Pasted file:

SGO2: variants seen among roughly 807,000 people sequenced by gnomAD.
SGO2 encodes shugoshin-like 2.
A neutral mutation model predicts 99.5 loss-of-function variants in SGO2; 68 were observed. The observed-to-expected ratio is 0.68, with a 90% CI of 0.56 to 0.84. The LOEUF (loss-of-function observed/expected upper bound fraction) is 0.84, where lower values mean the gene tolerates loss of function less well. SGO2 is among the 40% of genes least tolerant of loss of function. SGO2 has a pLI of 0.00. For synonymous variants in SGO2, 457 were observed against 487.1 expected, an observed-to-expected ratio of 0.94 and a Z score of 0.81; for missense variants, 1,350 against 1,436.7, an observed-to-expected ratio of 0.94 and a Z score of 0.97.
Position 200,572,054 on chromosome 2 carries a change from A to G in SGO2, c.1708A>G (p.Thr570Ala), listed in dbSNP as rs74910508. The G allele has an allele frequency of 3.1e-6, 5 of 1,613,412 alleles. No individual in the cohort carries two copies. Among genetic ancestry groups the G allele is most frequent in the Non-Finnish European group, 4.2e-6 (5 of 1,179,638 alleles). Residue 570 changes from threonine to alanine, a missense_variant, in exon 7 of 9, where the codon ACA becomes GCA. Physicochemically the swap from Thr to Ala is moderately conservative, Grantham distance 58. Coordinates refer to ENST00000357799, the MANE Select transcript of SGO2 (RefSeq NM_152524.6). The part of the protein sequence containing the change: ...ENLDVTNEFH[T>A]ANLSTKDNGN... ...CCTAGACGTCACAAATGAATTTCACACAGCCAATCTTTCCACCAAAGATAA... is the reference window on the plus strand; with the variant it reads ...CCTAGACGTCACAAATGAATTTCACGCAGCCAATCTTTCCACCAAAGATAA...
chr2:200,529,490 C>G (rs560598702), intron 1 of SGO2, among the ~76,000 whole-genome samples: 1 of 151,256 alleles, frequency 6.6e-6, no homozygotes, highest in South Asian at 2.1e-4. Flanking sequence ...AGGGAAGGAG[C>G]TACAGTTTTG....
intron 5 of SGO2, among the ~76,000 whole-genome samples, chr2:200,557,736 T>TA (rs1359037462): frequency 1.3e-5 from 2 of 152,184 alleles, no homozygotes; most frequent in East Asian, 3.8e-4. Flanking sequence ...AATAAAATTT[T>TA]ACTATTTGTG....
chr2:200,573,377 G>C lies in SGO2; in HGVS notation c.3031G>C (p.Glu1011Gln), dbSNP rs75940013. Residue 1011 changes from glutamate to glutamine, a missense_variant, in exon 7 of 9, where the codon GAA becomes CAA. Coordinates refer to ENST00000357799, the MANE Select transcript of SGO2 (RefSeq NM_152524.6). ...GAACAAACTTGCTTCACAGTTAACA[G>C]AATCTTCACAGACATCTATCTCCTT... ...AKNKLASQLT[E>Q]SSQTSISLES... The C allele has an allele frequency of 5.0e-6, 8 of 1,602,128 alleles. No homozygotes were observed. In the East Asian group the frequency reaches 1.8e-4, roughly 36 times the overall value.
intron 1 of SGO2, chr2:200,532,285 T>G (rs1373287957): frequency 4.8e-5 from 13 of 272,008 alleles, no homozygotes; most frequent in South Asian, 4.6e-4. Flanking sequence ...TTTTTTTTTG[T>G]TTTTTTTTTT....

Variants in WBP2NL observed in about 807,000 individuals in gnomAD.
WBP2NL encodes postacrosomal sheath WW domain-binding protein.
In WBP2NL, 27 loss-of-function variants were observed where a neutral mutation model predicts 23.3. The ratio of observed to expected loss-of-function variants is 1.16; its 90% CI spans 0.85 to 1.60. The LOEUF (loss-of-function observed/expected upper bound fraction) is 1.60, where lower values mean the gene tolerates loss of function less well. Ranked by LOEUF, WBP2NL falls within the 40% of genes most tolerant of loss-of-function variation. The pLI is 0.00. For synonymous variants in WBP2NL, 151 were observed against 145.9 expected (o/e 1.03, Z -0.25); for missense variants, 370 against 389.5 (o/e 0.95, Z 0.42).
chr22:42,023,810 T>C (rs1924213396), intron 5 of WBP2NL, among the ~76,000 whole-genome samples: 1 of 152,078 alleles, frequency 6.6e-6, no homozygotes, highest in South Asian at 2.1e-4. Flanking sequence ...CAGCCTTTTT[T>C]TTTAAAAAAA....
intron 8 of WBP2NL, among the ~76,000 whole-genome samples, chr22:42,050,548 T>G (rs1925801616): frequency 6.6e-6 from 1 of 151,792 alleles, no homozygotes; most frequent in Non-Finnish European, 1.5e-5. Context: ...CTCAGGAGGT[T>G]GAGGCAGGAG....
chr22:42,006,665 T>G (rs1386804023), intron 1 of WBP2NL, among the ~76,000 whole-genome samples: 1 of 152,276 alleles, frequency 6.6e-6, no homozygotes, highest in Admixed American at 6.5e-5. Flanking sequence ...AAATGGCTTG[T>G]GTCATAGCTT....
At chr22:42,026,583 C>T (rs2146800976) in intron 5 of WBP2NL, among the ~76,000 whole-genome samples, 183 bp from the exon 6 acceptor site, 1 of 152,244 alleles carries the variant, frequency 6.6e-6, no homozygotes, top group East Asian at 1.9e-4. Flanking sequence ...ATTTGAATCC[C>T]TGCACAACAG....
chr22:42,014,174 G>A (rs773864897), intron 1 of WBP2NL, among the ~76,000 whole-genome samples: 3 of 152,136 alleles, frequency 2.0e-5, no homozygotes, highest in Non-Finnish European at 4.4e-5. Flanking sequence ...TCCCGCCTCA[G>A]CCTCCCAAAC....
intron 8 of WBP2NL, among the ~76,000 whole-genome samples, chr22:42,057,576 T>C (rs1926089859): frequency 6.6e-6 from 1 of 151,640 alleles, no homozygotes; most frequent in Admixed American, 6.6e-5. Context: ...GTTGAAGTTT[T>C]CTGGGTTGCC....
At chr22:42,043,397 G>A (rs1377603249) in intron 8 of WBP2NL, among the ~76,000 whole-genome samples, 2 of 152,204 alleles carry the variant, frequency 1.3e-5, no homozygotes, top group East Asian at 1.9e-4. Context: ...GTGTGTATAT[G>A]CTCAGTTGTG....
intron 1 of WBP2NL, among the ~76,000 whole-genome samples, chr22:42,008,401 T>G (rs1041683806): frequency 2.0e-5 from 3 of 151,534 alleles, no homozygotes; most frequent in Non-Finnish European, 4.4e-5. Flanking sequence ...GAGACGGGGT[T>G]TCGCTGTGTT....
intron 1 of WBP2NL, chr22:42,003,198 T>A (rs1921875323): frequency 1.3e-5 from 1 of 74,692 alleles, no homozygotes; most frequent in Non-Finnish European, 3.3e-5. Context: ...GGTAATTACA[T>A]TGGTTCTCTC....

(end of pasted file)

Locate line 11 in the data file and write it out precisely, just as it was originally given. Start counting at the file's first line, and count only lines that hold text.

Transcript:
In WBP2NL, 27 loss-of-function variants were observed where a neutral mutation model predicts 23.3. The ratio of observed to expected loss-of-function variants is 1.16; its 90% CI spans 0.85 to 1.60. The LOEUF (loss-of-function observed/expected upper bound fraction) is 1.60, where lower values mean the gene tolerates loss of function less well. Ranked by LOEUF, WBP2NL falls within the 40% of genes most tolerant of loss-of-function variation. The pLI is 0.00. For synonymous variants in WBP2NL, 151 were observed against 145.9 expected (o/e 1.03, Z -0.25); for missense variants, 370 against 389.5 (o/e 0.95, Z 0.42).